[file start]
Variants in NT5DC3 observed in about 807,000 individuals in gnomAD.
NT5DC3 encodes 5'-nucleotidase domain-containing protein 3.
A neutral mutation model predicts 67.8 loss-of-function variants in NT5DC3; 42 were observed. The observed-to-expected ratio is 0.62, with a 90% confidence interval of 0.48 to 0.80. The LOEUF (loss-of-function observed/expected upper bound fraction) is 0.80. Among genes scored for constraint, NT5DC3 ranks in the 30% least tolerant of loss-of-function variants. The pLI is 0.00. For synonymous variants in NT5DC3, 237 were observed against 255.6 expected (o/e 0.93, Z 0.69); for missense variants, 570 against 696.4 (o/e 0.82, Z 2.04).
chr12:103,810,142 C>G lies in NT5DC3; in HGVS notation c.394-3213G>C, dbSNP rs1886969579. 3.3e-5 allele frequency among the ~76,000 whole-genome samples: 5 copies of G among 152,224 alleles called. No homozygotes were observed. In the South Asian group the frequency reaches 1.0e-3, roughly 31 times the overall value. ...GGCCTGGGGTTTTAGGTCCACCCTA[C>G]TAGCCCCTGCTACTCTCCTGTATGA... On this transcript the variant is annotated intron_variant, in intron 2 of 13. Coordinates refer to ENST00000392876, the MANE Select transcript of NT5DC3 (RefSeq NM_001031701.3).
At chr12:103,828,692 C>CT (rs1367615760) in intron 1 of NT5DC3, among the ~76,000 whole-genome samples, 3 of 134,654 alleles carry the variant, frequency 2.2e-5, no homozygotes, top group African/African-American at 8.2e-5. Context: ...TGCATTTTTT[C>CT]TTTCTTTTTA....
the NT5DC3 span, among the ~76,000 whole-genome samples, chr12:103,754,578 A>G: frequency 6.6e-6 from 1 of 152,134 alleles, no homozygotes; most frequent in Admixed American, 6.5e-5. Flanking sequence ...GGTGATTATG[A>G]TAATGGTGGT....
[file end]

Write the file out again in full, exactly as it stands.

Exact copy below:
Variants in NT5DC3 observed in about 807,000 individuals in gnomAD.
NT5DC3 encodes 5'-nucleotidase domain-containing protein 3.
A neutral mutation model predicts 67.8 loss-of-function variants in NT5DC3; 42 were observed. The observed-to-expected ratio is 0.62, with a 90% confidence interval of 0.48 to 0.80. The LOEUF (loss-of-function observed/expected upper bound fraction) is 0.80. Among genes scored for constraint, NT5DC3 ranks in the 30% least tolerant of loss-of-function variants. The pLI is 0.00. For synonymous variants in NT5DC3, 237 were observed against 255.6 expected (o/e 0.93, Z 0.69); for missense variants, 570 against 696.4 (o/e 0.82, Z 2.04).
chr12:103,810,142 C>G lies in NT5DC3; in HGVS notation c.394-3213G>C, dbSNP rs1886969579. 3.3e-5 allele frequency among the ~76,000 whole-genome samples: 5 copies of G among 152,224 alleles called. No homozygotes were observed. In the South Asian group the frequency reaches 1.0e-3, roughly 31 times the overall value. ...GGCCTGGGGTTTTAGGTCCACCCTA[C>G]TAGCCCCTGCTACTCTCCTGTATGA... On this transcript the variant is annotated intron_variant, in intron 2 of 13. Coordinates refer to ENST00000392876, the MANE Select transcript of NT5DC3 (RefSeq NM_001031701.3).
At chr12:103,828,692 C>CT (rs1367615760) in intron 1 of NT5DC3, among the ~76,000 whole-genome samples, 3 of 134,654 alleles carry the variant, frequency 2.2e-5, no homozygotes, top group African/African-American at 8.2e-5. Context: ...TGCATTTTTT[C>CT]TTTCTTTTTA....
the NT5DC3 span, among the ~76,000 whole-genome samples, chr12:103,754,578 A>G: frequency 6.6e-6 from 1 of 152,134 alleles, no homozygotes; most frequent in Admixed American, 6.5e-5. Flanking sequence ...GGTGATTATG[A>G]TAATGGTGGT....